With the inclusion of a 10GigE port on the back of the iMac Pro and the emergence of inexpensive 10GigE equipped NAS storage units: how do you connect them together for maximum speed and keep access to your other network devices including the internet?
We are all familiar with the convenience of GigE data connections; they have been standard on Macs for many years. But with growing frame and file sizes, the maximum bandwidth of 1000 Mbit/s has become limiting for today's video production needs.
Over the last year we have begun to see more devices being equipped with 10GigE ports, the new iMac Pro being Apple's flagship example. However, connecting a 10GigE machine to a current GigE network won't provide any speed bonus. Also worth noting that the iMac Pro is actually Nbase-T; if it can't get reliable data at 10GigE speed, it will drop transmission speeds to 5, 2.5 and then standard GigE.
In the FCP.co studio we currently have an iMac Pro directly connected to a QNAP TVS 682T. The QNAP has two independent 10GigE ports and the overall disk speed can be shared out between the two connections without needing a switch.
So how did we connect the 10GigE machines together directly to get the maximum speed? This is harder than attaching a NAS unit to a router and letting DHCP do all the numbers. Although the prices of 10GigE switches are coming down, it is still a large expense, especially if you only want to connect one or two Macs to a storage device.
If you plug them up directly, without configuring both the Mac and the storage device first, nothing will happen. Each has to have an IP address manually assigned.
On the QNAP we can do this in the admin section in a web browser. The easiest way to stop the Mac getting confused and trying to access the QNAP over GigE is to assign a different Private Address Space. As the office runs on the 172.xx.xx.x range, we assigned the QNAP to 192.168.0.1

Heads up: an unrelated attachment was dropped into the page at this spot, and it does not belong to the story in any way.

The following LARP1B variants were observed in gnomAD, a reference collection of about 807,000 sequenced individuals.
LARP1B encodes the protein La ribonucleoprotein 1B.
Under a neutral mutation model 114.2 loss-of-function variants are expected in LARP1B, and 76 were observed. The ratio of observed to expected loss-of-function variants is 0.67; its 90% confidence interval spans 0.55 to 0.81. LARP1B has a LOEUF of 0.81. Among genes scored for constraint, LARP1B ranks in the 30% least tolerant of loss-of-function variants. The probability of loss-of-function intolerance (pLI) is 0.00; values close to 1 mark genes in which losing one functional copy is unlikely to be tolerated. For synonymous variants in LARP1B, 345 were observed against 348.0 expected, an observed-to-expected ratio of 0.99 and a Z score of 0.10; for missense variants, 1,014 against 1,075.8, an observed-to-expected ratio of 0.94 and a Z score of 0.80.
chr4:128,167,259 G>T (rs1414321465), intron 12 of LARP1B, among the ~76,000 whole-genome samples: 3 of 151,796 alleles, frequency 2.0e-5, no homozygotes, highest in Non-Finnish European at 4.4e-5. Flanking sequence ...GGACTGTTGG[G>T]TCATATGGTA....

We manually assigned the iMac Pro's 10GigE connection to 192.168.0.2
Having physically taken up the 10GigE socket, the USB-C to ethernet adaptor was necessary to connect via GigE to the other machines on the network and of course the internet.
Then all we needed to do was CMD K or use the menu item Connect to Server, tap in the IP address of the QNAP and hit return. Easy, connected.
So why should we be connecting via 10GigE when the traditional GigE connection was so easy? Take a look at the difference in speeds.
Don't think that 10GigE is just for high end machines either, the (newly arrived in the office) QNAP TS-453BT3 has a single 10GigE connection on the back. (This also doubles up as a free USB-C to 10GigE adaptor!)
So if you are lucky to have machines with 10GigE connections, it is well worth making sure you are connected at the right speed. You should notice a sizeable speed bump. As Final Cut Pro X hits storage hard during certain functions, things like waveform drawing should be a lot quicker.
Peter Wiggins is a broadcast freelance editor based in the UK although his work takes him around the world. An early adopter of FCP setting up pioneering broadcasts workflows, his weapon of choice is now Final Cut Pro X.